‘Sweets and Snacks’ Dominate Amazon Sales

Meagan McGinnes

For brands to be successful in today’s changing marketplace, they’ll need to be hungry for an an online presence–and the most satisfying sales will be found through Amazon. At least, that’s according to One Click Retail, an e-commerce insight leader that provides data measurement, sales analytics and search optimization services.

At this year’s Sweets and Snacks Expo in Chicago, Illinois, Nathan Rigby, One Click Retail’s Vice President of E-Commerce, led a presentation about Amazon’s purchasing power. As a global online retailer, Amazon has moved from a ranking of 25th among all online retailers in 2011 to third as of last year. It’s part of a larger growth trend in e-commerce, which in North America alone grew sales 15 percent in 2016– and Amazon accounted for more than half of it.

Rigby said he does not see Amazon’s growth slowing in the next decade, so now it’s up to brands and retailers to respond.

“There are far too many companies in this room that are still believing that brick-and mortar strategies are going to apply on Amazon. I am here to remind you what Darwin said,” Rigby said. “According to Darwin, it’s not the most intellectual species that survives; it’s not the strongest species that survives, but the species that survives is the one that’s able to best adapt and adjust to a changing environment in which it finds itself. That changing environment is Amazon.”

One Click has found that e-Commerce continues to be one of the largest growth opportunities for candy and snacks. In 2016, Amazon sold over a $1 billion in grocery products, a first for the retailer. Snack and granola bars, and chocolate candy held the No. 2 and No. 5 positions in grocery’s total sales that year.

That growth is continuing in 2017. In its first quarter, Amazon saw $350 million in grocery sales. So far, the snacks and granola category is still in a top category spot with $80 million in sales. Next in sales is salty snacks, bringing in $16 million in total Q1 sales, followed by snack nuts and seeds and dried meat snacks. Within these categories OneClick found some of the top brands include KIND Snacks, Wonderful Pistachios, Annie’s Organic, Crispy Green and Lundberg Organic.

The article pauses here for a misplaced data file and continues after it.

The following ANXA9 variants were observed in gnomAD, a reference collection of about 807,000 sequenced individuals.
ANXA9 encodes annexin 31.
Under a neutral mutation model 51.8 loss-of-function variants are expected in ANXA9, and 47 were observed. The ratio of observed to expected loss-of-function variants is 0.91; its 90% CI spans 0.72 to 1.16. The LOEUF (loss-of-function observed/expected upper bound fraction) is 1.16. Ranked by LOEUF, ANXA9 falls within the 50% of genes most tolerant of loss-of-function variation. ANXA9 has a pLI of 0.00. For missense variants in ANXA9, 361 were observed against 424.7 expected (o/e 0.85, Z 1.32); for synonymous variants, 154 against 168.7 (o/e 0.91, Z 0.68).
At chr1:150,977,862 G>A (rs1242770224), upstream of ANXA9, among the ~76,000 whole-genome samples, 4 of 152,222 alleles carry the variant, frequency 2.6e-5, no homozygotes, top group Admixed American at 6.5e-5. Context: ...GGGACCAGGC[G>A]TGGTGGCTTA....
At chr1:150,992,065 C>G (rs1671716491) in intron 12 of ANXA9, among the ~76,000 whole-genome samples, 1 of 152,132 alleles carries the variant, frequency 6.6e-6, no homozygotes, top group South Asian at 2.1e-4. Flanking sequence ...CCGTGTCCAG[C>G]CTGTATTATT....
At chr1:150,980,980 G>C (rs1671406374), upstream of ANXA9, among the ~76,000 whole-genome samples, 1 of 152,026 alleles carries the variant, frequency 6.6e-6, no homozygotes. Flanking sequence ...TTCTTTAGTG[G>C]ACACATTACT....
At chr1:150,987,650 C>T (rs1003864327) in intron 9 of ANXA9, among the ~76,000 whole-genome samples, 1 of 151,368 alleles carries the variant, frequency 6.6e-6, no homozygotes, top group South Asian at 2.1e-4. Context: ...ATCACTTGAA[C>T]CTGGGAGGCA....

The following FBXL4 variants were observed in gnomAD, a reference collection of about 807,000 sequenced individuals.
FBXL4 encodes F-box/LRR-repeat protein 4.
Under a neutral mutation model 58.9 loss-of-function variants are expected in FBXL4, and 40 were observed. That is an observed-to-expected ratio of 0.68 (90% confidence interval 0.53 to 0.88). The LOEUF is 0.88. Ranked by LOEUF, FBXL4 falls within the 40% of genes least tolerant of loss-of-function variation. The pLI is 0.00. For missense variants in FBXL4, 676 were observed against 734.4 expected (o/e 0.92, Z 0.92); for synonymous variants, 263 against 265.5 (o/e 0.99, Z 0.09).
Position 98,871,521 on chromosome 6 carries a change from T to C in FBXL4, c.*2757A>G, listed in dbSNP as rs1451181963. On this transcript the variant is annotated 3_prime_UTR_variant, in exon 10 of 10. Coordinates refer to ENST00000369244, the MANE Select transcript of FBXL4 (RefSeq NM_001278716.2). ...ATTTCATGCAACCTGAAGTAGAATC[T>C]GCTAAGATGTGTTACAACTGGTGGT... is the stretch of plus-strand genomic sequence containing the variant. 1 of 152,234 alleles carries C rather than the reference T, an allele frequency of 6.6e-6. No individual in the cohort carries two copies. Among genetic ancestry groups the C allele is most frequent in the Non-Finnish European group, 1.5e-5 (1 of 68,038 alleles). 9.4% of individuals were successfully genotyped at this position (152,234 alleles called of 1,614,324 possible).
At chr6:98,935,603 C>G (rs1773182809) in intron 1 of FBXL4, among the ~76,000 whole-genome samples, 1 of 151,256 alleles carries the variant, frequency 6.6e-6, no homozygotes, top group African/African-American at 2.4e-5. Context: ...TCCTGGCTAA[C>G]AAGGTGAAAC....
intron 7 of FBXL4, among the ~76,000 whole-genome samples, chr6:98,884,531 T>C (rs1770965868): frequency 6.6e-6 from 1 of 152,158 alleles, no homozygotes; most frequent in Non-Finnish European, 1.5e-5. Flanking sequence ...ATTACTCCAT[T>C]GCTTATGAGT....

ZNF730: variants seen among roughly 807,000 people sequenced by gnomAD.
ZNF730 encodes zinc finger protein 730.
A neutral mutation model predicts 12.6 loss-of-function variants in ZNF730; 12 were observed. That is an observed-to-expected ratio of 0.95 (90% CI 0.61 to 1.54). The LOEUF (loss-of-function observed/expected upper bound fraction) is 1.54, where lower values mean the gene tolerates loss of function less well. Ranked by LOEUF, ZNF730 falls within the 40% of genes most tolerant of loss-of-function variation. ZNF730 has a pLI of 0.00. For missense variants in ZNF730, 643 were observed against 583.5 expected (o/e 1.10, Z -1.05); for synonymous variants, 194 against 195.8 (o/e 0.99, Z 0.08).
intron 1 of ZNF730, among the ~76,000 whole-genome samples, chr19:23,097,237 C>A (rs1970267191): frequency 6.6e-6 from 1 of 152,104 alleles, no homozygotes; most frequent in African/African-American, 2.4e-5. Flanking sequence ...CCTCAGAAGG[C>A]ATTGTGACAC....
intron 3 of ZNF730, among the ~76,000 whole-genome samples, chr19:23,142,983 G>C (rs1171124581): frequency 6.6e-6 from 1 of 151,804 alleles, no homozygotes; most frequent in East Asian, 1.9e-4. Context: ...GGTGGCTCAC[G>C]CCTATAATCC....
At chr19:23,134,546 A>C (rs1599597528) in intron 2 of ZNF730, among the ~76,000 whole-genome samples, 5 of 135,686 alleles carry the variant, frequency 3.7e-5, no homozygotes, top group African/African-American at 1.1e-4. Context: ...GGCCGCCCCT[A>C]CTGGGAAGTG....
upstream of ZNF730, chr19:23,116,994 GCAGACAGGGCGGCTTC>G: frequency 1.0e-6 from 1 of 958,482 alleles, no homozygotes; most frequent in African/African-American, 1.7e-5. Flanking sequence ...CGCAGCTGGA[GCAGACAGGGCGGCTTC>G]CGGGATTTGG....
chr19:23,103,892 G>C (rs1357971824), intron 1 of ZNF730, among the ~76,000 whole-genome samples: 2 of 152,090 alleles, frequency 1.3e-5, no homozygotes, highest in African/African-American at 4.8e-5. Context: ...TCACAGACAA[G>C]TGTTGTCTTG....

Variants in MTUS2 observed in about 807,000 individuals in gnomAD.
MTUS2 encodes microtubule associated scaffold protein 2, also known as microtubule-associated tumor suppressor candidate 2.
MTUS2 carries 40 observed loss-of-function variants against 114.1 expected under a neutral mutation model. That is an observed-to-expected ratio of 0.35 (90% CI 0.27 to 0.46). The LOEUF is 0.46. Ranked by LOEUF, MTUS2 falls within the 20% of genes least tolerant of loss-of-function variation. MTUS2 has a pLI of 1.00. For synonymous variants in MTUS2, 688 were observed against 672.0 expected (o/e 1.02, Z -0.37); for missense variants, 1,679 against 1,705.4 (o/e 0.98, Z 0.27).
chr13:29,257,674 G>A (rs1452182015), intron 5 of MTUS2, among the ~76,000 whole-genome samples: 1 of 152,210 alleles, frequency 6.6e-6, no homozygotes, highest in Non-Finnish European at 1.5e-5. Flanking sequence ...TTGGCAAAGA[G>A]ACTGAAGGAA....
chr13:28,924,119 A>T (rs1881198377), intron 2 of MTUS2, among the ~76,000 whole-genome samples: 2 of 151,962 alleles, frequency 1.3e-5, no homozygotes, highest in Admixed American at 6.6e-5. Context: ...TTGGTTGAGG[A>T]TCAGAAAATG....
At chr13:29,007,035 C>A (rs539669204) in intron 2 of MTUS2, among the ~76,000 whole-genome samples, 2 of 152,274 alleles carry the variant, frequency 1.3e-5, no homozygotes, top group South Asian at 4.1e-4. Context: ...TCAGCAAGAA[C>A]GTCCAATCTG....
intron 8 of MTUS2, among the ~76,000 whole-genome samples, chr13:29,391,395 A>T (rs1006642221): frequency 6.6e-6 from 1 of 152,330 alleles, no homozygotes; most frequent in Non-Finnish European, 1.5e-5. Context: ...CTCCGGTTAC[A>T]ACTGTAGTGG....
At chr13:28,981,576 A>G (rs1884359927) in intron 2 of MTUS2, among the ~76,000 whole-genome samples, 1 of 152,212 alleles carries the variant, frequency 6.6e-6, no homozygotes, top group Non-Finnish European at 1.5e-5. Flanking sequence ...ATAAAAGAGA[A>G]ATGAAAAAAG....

So what does it take to become a top brand in Amazon? You have to be data hungry, according to Rigby. Brands need to understand not only where they stand in terms of SEO, click throughs, promotions returns and page placement, but how to apply those insights to better leverage their performance and sales. One Click’s research shows that 64 percent of clicks are on the top three items listed in an Amazon search. Their findings also note that only 19 percent of clicks occur after the first page.

“You want to hide a body? Put it on the second page of Amazon search,” Rigby said. “The first page is just that critical. Getting search right is such a big opportunity.”

Brands and retailers also need to evaluate their logistical processes to avoid ordering issues or being out-of-stock– the most common issue at Amazon, according to Rigby. Similar to store shelves, retailers should always be work to identify platform opportunities and optimize trends.

Rigby added that he is not dismissing the “impressive efforts” of retailers like Walmart and Kroger, which have already established “click and collect” programs. Still, Rigby thinks that if brands and retailers “take [their] mind off Amazon,” even to grow their other online initiatives, they will see long term impacts.

“The transformation that is going to go on over the next five, ten years, is going to be outstanding,” he said. “It is One Click Retail’s belief that if a company does not have a data-driven Amazon strategy that is integrated into a company on all levels of leadership, then you will either see underperformance or bankruptcy over the next decade. It is that transformational of a moment.”

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